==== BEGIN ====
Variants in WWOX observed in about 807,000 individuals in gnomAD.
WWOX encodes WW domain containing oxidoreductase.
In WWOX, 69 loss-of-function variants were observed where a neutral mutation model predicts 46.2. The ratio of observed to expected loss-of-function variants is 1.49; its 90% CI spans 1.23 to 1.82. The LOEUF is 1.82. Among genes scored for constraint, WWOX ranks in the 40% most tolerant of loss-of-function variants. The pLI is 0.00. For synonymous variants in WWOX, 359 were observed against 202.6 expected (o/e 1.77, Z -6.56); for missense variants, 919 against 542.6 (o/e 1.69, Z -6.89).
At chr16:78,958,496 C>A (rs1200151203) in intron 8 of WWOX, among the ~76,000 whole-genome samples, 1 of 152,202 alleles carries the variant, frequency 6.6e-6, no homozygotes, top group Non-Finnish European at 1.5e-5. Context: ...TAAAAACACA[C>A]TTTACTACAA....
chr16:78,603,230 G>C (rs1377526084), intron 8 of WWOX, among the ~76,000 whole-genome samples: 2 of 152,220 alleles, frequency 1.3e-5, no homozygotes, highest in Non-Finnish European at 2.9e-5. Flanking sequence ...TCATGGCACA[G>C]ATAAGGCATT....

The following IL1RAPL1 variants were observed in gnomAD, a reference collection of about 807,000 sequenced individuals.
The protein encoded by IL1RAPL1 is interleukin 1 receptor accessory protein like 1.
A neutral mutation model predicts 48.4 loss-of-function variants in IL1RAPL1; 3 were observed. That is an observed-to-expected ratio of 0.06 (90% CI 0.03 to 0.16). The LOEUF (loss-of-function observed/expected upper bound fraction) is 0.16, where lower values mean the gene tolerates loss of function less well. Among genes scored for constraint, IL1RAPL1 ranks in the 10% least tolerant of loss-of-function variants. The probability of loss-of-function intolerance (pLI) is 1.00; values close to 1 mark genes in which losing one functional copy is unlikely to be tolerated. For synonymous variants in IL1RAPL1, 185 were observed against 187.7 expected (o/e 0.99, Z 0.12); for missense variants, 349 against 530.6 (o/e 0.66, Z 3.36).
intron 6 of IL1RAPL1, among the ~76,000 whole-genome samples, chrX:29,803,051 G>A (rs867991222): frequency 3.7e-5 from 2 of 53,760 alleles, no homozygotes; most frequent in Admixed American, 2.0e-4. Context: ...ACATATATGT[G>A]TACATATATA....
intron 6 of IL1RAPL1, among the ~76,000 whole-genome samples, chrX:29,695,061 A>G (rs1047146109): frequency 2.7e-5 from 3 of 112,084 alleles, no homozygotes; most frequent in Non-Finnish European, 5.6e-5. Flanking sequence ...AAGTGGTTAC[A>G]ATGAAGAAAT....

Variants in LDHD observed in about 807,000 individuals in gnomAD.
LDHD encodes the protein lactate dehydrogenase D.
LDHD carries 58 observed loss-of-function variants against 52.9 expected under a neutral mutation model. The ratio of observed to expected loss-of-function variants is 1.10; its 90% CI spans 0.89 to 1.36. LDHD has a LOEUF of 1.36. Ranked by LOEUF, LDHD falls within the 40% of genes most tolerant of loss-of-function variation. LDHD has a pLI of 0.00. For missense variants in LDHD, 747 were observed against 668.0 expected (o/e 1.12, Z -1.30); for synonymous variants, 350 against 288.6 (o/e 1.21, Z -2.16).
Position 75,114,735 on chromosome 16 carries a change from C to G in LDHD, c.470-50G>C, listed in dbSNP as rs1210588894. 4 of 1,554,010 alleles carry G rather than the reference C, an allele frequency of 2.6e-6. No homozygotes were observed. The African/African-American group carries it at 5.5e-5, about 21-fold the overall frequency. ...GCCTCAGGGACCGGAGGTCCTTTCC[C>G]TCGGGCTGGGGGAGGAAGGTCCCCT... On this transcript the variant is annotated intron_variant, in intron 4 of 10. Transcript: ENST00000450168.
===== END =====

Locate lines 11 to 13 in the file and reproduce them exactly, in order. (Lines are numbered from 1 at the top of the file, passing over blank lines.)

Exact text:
Variants in LDHD observed in about 807,000 individuals in gnomAD.
LDHD encodes the protein lactate dehydrogenase D.
LDHD carries 58 observed loss-of-function variants against 52.9 expected under a neutral mutation model. The ratio of observed to expected loss-of-function variants is 1.10; its 90% CI spans 0.89 to 1.36. LDHD has a LOEUF of 1.36. Ranked by LOEUF, LDHD falls within the 40% of genes most tolerant of loss-of-function variation. LDHD has a pLI of 0.00. For missense variants in LDHD, 747 were observed against 668.0 expected (o/e 1.12, Z -1.30); for synonymous variants, 350 against 288.6 (o/e 1.21, Z -2.16).